The AD&D Dungeon Masters Guide

Once upon a time, I thought the 1st edition DMG was a great book. It’s something that is still espoused by its fans on the ‘net. However, I’ve got to say that my appreciation of it is dimming, partly from the fact that I actually have read the book many, many times in the past few years. It’s not something that I just remember from my early days in AD&D.

There’s still plenty about it that is useful and brilliant – it’s just that there’s a lot of real crap in the book as well… including some key sections.

Let’s face it, Gary’s explanation of how combat works, probably the most key section of the entire book, is riddled with inconsistencies, clunky sub-systems, and stuff that just doesn’t make sense. The less said about unarmed combat the better, but the initiative system is a complete mess. “Compare the speed factor of the weapon with the number of segments the spell will require to cast to determine if the spell or the weapon will cast/strike first, subtracting the losing die roll on the initiative die roll from the weapon factor and treating negative results as positive.” Huh? What?

The awarding of XP mostly makes sense, except that you’re also meant to compare the power of the monsters to the power of the characters and adjust XP downwards if the PCs overpower them. This leads to some interesting scenarios – especially against tough solo monsters – where experienced characters pretty much can’t gain full XP. If you face a lone beholder, a party of 6 PCs need to be about 2-3rd level to get full XP. More than that and the reward is signficantly reduced. The less said about training the better.

For some reasons, most DMs I’ve known gleefully ignore large sections of the initiative rules and use the simpler Basic D&D rules. With good reason. Heck, even Gary didn’t use the DMG’s initiative or training rules!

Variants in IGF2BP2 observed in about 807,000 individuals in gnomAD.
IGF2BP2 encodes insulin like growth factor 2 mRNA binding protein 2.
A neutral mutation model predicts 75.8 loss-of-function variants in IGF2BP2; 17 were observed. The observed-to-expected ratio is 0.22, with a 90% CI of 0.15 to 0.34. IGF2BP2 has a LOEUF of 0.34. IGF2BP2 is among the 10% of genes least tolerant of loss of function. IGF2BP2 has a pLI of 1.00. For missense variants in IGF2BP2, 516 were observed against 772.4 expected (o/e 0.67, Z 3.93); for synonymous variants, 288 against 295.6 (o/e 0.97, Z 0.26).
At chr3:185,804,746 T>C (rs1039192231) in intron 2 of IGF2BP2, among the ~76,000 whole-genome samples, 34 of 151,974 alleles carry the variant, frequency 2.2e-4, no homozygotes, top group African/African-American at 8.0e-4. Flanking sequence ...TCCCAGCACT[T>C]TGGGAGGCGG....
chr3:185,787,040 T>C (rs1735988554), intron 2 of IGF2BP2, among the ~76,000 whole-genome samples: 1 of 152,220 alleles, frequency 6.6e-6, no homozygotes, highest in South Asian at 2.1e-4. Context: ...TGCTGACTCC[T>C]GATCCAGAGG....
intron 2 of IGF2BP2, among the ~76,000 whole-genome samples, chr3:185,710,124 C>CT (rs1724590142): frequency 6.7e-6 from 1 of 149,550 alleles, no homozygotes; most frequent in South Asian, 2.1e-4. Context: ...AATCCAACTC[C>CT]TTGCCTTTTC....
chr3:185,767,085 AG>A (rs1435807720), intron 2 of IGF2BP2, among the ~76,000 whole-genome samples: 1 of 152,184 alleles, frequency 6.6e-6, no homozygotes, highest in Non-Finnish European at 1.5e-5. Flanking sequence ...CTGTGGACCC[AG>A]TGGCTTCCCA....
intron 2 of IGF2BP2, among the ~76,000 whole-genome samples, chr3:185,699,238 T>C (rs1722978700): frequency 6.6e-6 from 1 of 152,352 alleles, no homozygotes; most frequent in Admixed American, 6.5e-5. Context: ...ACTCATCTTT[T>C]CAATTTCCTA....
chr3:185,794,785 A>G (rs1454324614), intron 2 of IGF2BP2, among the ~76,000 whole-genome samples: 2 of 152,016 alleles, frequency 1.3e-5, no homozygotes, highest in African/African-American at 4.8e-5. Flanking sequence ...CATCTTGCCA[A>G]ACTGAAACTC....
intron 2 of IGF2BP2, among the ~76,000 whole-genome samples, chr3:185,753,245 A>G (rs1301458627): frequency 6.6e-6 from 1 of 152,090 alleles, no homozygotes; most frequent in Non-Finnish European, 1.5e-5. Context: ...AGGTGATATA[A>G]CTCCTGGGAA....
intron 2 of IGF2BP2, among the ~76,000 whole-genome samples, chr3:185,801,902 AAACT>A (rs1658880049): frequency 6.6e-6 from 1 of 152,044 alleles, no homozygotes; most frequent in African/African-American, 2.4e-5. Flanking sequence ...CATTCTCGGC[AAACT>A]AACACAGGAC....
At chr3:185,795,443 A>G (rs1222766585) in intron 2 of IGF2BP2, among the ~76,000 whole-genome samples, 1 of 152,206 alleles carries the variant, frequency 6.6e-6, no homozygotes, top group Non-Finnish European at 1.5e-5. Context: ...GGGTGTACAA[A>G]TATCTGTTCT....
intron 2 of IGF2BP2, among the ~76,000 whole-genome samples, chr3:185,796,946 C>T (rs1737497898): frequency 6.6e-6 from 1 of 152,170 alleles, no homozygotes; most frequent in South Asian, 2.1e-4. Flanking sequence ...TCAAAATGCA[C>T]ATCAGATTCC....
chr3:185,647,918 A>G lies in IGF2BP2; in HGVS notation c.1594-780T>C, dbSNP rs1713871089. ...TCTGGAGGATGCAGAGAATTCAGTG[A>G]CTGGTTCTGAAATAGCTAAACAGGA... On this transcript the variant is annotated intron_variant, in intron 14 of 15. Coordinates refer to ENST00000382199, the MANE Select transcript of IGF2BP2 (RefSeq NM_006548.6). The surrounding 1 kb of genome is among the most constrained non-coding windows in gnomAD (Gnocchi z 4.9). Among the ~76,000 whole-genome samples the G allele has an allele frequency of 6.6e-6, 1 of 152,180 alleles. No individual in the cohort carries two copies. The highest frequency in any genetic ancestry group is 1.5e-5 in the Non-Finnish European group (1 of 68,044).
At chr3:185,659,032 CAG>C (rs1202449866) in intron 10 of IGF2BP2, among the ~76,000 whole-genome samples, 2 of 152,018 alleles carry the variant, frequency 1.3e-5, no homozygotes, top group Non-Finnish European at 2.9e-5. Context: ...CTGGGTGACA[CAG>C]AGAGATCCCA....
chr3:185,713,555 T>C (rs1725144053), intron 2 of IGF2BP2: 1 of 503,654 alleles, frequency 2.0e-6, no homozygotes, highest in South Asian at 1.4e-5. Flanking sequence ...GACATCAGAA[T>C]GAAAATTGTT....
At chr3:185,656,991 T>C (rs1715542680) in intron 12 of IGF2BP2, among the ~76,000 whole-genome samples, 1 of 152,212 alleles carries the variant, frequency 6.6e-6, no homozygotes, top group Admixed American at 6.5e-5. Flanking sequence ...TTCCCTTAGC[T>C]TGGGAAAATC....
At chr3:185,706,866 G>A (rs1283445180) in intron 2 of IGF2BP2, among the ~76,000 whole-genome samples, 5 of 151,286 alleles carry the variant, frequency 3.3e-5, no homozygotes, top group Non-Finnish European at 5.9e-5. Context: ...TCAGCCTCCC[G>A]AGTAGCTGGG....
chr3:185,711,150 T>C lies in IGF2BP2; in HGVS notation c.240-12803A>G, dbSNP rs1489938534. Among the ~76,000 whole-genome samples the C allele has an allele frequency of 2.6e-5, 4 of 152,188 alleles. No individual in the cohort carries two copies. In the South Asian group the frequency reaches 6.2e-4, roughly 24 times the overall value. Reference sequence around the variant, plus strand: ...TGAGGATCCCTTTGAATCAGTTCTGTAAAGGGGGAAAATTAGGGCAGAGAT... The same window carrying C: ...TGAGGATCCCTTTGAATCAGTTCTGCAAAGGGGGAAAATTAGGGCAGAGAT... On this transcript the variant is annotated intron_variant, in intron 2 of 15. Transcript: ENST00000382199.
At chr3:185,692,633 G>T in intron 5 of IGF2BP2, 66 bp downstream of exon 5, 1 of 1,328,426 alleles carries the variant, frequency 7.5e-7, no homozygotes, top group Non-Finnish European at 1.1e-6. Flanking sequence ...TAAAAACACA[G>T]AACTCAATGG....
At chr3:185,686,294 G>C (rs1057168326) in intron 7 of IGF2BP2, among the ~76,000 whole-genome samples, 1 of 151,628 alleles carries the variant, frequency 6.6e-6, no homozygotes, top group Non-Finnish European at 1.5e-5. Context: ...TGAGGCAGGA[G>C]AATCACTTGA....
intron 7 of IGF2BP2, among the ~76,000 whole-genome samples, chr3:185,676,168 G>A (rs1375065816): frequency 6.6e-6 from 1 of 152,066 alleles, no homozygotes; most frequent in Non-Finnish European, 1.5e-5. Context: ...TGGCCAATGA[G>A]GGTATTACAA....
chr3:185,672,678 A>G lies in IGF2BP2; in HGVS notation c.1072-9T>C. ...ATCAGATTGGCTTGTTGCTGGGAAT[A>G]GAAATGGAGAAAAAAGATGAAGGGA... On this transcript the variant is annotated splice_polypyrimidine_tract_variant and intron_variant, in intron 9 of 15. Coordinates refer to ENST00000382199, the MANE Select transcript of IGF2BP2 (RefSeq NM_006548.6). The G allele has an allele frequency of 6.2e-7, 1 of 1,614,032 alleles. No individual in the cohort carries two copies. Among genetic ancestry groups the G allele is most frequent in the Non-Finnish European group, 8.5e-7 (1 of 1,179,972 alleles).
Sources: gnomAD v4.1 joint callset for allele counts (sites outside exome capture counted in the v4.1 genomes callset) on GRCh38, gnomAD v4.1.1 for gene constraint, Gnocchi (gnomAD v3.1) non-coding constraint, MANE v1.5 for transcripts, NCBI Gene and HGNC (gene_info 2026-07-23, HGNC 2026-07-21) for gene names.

Gary also spent a lot of time fulminating against bad games – Monty Haul games, Killer games, games that allowed Monsters as PCs, and so forth. “AD&D means to set right both extremes,” he wrote. Unfortunately, when it came time to actually giving actual examples or showing what a reasonable amount of treasure was, he failed to do so. After criticising his own magic items tables in D&D for allowing low-level PCs to gain any item… there is no change at all in the AD&D magic item tables!

Where the DMG actually shines isn’t in its descriptions of the core rules, but instead in giving tools to the DM to populate their adventures with interesting encounters. The appendices are pure gold, and it’s a shame that the section on tricks hasn’t made its way into more recent versions of the DMG.

The rules on henchmen and hireling acquisition I’ll probably be using in my current 4e campaign; certainly, they posit a more mercenary world than is common in the D&D core, but that’s fine for a campaign based on Gary’s Castle Greyhawk/Zagyg.

And the background descriptions for the artifacts still give me much pleasure in the reading.

Mostly, the AD&D DMG is a book for experienced DMs looking for inspiration in the dungeon-crawling and territory-acquisition world of Gygax’s D&D. These days, with the emphasis shifted away to more plot/heroic-based campaigns, I’d say the 4th edition DMG is now the best version of the DMG to exist.

Ranking the DMGs? 4E > 3E > 3.5E > 1E >> 2E.

The 2E DMG? A travesty.

9 comments

  1. hubcap_reloaded

    I didn’t actually play 1E back in the day, being a young ‘un (my into comes instead with the black box, red dragon intro to Rules Cyclopedia D&D): but I’ve got a full set of orange-spined 1E core rules, as well as a bunch of others like MM2, UA, Fiend Folio, Oriental Adventures and Legends & Lore. I quite enjoy reading these old books as a sort of glimpse into D&Ds history though I’ve never played them, though I’d love to run a one-off dungeon crawl to show my 3E players how the game has changed.

    With my background explained, I would thusly say: I mostly agree with your assessment here. The appendices of the DMG are great, and there’s some jewels scattered elsewhere, so I can see why it’s so strongly remembered: I do pull it out semi-regularly, so there must be something I keep coming back to! Still, it’s certainly got flaws.